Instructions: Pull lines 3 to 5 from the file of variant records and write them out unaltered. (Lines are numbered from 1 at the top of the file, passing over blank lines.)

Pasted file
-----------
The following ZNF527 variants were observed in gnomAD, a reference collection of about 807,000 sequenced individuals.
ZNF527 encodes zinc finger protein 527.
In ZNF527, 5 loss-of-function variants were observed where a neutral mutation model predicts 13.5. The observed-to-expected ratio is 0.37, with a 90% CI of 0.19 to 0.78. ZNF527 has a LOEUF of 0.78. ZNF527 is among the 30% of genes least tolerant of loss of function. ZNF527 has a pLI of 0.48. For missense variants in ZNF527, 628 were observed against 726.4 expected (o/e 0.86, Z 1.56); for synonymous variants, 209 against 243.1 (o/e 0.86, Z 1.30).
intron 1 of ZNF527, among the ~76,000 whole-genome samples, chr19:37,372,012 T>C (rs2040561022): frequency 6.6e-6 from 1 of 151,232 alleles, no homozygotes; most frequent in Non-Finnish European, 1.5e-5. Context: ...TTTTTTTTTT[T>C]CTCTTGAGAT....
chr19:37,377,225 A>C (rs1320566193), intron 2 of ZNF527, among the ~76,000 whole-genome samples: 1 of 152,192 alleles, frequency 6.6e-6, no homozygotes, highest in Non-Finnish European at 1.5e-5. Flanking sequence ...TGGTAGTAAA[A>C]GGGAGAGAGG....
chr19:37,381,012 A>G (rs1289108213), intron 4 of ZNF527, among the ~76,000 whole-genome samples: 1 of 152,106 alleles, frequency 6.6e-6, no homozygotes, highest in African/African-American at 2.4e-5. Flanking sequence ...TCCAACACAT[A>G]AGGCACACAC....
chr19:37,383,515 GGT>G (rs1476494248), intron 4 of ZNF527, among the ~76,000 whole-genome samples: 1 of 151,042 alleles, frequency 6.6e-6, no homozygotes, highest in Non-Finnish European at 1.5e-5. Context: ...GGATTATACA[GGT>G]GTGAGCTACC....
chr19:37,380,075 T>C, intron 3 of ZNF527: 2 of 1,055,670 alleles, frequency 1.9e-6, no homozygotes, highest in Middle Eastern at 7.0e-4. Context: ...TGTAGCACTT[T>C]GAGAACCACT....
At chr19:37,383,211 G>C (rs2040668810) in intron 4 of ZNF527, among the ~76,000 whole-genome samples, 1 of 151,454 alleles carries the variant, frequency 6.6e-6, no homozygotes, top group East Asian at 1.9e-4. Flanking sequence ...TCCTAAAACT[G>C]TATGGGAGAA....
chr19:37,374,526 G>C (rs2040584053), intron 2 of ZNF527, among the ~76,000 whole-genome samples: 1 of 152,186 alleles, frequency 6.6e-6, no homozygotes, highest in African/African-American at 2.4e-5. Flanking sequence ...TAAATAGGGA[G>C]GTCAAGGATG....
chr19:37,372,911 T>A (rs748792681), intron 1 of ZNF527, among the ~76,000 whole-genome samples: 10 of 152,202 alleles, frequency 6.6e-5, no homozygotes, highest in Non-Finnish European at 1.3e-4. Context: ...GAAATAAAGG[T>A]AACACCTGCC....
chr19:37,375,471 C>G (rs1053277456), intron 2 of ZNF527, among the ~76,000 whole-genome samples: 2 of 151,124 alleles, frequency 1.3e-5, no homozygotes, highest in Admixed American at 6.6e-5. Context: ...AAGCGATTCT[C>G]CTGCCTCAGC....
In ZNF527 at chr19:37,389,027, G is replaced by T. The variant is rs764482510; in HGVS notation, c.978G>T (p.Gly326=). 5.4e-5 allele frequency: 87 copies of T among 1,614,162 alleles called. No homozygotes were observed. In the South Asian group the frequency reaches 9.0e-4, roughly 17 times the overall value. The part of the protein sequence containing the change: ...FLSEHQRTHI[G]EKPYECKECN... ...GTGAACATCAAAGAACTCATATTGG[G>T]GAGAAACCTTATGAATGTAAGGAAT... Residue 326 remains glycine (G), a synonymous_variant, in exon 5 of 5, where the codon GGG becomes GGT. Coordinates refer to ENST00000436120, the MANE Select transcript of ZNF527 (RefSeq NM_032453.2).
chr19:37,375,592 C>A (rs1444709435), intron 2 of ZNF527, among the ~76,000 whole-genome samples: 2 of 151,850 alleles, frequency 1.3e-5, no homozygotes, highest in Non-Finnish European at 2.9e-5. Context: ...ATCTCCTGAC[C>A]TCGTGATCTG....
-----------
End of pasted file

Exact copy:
In ZNF527, 5 loss-of-function variants were observed where a neutral mutation model predicts 13.5. The observed-to-expected ratio is 0.37, with a 90% CI of 0.19 to 0.78. ZNF527 has a LOEUF of 0.78. ZNF527 is among the 30% of genes least tolerant of loss of function. ZNF527 has a pLI of 0.48. For missense variants in ZNF527, 628 were observed against 726.4 expected (o/e 0.86, Z 1.56); for synonymous variants, 209 against 243.1 (o/e 0.86, Z 1.30).
intron 1 of ZNF527, among the ~76,000 whole-genome samples, chr19:37,372,012 T>C (rs2040561022): frequency 6.6e-6 from 1 of 151,232 alleles, no homozygotes; most frequent in Non-Finnish European, 1.5e-5. Context: ...TTTTTTTTTT[T>C]CTCTTGAGAT....
chr19:37,377,225 A>C (rs1320566193), intron 2 of ZNF527, among the ~76,000 whole-genome samples: 1 of 152,192 alleles, frequency 6.6e-6, no homozygotes, highest in Non-Finnish European at 1.5e-5. Flanking sequence ...TGGTAGTAAA[A>C]GGGAGAGAGG....